MEXICO CITY – Long lines of people volunteering to help to move necessary supplies such as water or blankets onto distribution vehicles overwhelmed an improvised relief center in Mexico City on Wednesday, a self-management exercise that reveals the enormous solidarity among the citizens, awakened by the earthquake.
“I’m proud and I had a lump in my throat because the response from the people is very good,” Jocelyn, a veterinarian who volunteers for the first time, told EFE.
The magnitude-7.1 earthquake on Sept. 19 left at least 230 people dead in Mexico. One hundred of them, a sad round figure, are already registered in the capital, where there are about 40 collapsed buildings and many others with very serious damage.
Citizens arrived at the center with boxes of food, bottled water, medicines, saline solution, blankets, toilet paper, and without respite the volunteers sort them in specific spaces for counting.
As vehicles arrived, especially small private trucks, volunteers of all ages formed a human chain to help transport the supplies onto other trucks for distribution all day long.
Jocelyn, a Sociology student, told EFE that she has not stopped for 10 hours: “We could hardly drink water.” Sitting on the floor, she insisted her desire to help overcomes the fatigue, and so did hundreds of others who gathered at this location in the capital.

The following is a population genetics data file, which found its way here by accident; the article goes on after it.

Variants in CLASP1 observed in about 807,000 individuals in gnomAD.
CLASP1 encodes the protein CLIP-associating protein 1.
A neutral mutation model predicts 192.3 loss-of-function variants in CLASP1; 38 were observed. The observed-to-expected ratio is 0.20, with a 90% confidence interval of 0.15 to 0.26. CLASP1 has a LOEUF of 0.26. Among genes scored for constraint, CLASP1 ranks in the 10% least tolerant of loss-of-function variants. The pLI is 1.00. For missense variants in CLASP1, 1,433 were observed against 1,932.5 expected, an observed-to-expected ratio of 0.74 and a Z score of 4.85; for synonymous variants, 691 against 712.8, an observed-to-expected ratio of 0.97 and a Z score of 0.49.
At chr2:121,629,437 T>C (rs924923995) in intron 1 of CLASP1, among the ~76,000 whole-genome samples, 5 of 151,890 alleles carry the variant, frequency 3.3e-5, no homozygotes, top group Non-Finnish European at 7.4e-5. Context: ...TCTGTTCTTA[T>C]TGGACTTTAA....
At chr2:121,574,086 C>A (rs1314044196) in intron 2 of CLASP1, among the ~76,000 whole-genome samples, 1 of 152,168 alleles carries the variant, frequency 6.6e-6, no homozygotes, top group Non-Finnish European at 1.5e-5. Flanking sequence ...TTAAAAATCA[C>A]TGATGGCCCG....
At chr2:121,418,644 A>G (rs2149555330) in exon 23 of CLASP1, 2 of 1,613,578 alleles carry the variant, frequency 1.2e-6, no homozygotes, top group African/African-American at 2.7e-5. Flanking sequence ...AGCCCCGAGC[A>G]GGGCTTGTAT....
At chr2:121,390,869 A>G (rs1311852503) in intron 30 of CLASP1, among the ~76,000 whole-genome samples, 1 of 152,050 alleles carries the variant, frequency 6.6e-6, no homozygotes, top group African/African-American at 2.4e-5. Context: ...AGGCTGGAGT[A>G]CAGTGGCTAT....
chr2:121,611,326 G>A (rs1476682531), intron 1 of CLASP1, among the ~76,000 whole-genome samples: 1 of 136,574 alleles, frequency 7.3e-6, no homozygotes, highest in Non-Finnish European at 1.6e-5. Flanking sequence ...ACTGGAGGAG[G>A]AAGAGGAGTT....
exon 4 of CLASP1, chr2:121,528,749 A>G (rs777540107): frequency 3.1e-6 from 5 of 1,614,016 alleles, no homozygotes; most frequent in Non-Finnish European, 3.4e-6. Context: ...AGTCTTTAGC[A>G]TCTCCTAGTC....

The improvised center is one of many established after the powerful earthquake and serves mainly to collect and disperse basic products.
One of the tragedies caused by the quake was that of Enrique Rebsamen School, in the south of the capital, whose building collapsed and at least 37 people, including children, were killed. Several other students are still buried under debris, and up to four have given signs of life.
As Mexico bitterly commemorates the devastating earthquake in 1985 on Sept. 19, which happened to occur on the very same day 32 years earlier, people are fervently struggling to save their compatriots.
“It’s about support, as I would like to be supported when there’s a problem this big,” 18-year-old Omar Lopez, who came to volunteer at the center along with three others to help categorize a thousand bags of saline solution and hydration packs, told EFE.
The work and the help are not limited to collapsed buildings. Solidarity is emerging beyond the tons of rubble.